Harpo, pictured below, was the first chronicler. He dictated his autobiography to Lace, the second chronicler. The first chapter of that memoir is today’s excerpt.
First, I’ll start firstly. Lace, write down everything I say. Yes, even that. What? No. Now, where was I? First? Ah, yes. First, I’ll start firstly. My parents, they were ramblers who tended their herd of fleece and rambled the eastern foothills beyond the Outer Orchards in what was then called the Kingdom of Fiddleeebod with only two e’s. What? F-i-d-d-l-e-e-b-o-d. Got it? I’ll continue. Spring was roam and shear time. Summer was market trade, and every fifth year, RENDEZVOUS. Fall was ramble and search for winter CAVE site. Winter was sit tight and weave. My Moothoo was famous throughout the Kingdom for the fineness of her oatstraw and fleecethread weaves. Her name was Saltwiggle Redbonnet. Fith called her Wiggy. She found her name in the Chasm of Kraan and what a story that was! She told it often – I hear her yet – to my brother and me. We asked for it every night. She pretended to protest, but could not refuse our pleas. Those were times. Yes. What is it, Lace? Yes, I am. Listen.
She followed a wiggle of a stream at night by starglimmer. A shadow dark monster rose dripping from the streambed and roared at her, “HELP ME FIND MY HAT!!” Moothoo was frightened out of her wit. She said she was so young she had just one wit to be frightened out of. I tell you by my well when she made that shadow monster loom up out of the stream, Pep and I were struck rigid every time. When I see myself listening to Moothoo tell the story, I have three bar years and Pep seven. What? Pepperhead Beanpackage. He will be Chapter Two. Now, the hat. The looming shadow turned out to be an extremely upset ogre who had lost her hat.
“If you help me find my hat,” she growled, “I surely will not eat you.”
My Moothoo thought quickly and swung down her pack and assembled her shuttleloom in the nince of a nonce. “I am a famous weaver,” she said.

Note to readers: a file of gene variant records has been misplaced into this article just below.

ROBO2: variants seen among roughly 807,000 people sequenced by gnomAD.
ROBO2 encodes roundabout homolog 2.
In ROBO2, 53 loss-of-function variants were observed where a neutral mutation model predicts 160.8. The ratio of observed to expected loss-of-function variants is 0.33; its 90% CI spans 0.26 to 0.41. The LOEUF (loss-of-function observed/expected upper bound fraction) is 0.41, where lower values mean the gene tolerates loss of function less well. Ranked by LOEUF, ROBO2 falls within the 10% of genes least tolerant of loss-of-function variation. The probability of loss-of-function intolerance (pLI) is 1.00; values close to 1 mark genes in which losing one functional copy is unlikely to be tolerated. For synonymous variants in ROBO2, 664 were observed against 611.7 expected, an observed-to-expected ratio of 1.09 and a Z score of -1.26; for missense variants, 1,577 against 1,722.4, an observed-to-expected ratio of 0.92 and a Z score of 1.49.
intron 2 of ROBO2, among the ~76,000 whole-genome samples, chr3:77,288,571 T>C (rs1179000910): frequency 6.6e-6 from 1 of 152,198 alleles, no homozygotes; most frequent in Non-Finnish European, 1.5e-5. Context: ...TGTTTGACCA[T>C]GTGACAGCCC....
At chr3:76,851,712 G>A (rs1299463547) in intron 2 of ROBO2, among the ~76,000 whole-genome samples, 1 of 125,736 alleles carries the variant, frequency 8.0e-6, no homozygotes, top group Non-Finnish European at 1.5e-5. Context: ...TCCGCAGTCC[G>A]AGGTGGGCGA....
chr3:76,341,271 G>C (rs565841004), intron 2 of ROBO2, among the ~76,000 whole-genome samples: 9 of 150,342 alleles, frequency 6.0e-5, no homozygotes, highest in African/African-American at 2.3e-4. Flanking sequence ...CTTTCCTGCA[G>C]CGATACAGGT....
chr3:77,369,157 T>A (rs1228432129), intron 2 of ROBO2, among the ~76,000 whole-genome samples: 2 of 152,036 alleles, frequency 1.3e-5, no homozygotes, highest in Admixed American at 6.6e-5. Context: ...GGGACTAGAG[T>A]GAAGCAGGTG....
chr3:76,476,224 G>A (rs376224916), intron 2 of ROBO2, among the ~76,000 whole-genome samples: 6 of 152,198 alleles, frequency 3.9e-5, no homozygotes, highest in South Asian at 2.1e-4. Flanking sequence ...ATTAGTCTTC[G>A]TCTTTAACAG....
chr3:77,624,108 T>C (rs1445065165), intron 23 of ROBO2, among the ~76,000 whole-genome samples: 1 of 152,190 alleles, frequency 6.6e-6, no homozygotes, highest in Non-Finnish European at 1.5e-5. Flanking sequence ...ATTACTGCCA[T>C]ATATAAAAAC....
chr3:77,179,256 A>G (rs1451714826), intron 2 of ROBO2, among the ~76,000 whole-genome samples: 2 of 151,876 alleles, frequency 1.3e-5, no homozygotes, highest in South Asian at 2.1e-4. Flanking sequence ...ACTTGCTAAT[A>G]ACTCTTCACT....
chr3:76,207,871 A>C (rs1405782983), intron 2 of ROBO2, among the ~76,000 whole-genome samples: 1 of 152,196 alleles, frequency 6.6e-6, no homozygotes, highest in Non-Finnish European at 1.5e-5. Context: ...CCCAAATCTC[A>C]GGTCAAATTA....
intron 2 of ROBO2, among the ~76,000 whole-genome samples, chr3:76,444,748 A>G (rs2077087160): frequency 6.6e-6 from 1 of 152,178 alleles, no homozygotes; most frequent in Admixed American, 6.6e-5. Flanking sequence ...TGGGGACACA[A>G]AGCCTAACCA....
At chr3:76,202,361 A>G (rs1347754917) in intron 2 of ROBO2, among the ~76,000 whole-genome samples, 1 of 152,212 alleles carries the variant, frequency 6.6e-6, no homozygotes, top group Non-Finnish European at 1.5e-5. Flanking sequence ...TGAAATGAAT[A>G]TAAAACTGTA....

“If you are famous, who are you?” asked the ogre slyly.
“I don’t know yet. I’m looking for my name,” answered my Moothoo.
“Don’t know your name? Don’t know your name? What possible help can you be to find my hat? I might just as well eat you now,” said the ogre while stamping the ground in frustration.
“I will build you a better hat,” said Moothoo, grinning nervously. She removed her crimson coat, nicked it with her needle, unravelled, ravelled, reloomed, wove and crimped, thread and pose, loom awobble, her fingers flying, shaping crest and crown, sleeve to brim, and the night moved on.
“If by dawn I haven’t my hat, I’ll gobble you up SLURPYSLURP for a snack,” said the ogre, and she sat down glumly with folded arms.
Measuring tape, calculations, Moothoo made a hat. And when orange crept into the sky at dawn, the ogre loomed shadow again, ready to have her snack.
“Well?” demanded the ogre.
“Try it on,” said Moothoo with a shrug, calm on the outside, dancing on flames of fear on the inside.
The ogre felt the fineness of the weave even with the curved and scaly claws of her bony fingers. She placed the hat on her head. It was a bonnet. Red.
“How do I look?” asked the ogre, tying the ribbons into a bow under her hairy chin.
“Wonderful,” said Moothoo. “A picture of glory.”
The ogre preened and smiled, pirouetted, hopped from clawfoot to clawfoot, and sang very badly. Moothoo made us laugh ourselves to dizzy when she took the part of the ogre. Fith would call, “What are you doing? Stop the nonsense! Get to sleep!” Moothoo would giggle with us, and we would go down to sleep. What? Oh. The ogre jumped into the stream and disappeared. Moothoo had found her name. Saltwiggle Redbonnet. Salt? The wiggly stream was salty. The ogre’s new hat was a red bonnet. Saltwiggle Redbonnet. Simple enough.
Now, Fith. Fith’s name was Trumpetbeak Palemittens. He didn’t tell stories. Moothoo called him Trump. When we asked him where he found his name, he said he was too busy to talk. He WAS busy. His shuttleloom never rested when we did. He wore thimbles on all of his fingers and both of his thumbs. He clicketty clacked with needle and thread and even fleeced with his thimbles. Whenever Moothoo went by, he smiled and followed her with his eyes. That was always a good time to ask him a question. A bit at a time, if you could practice patience, sabeek orrun, you might pry some information out of him. For instance, over time, we got him to tell us he found one part of his name at Shangra Pass when he stumbled on a shriekowl’s nest and disturbed its foultempered occupant. The other part he discovered lying abandoned in plain view on an outcropping of splintered shale later that same day. “Did you pass Shangra Pass?” we asked. “Almost,” was his only reply.
Moothoo and Fith. Oats and berries. Morning gruel! Ah, this chapter is long enough. Put down the quill.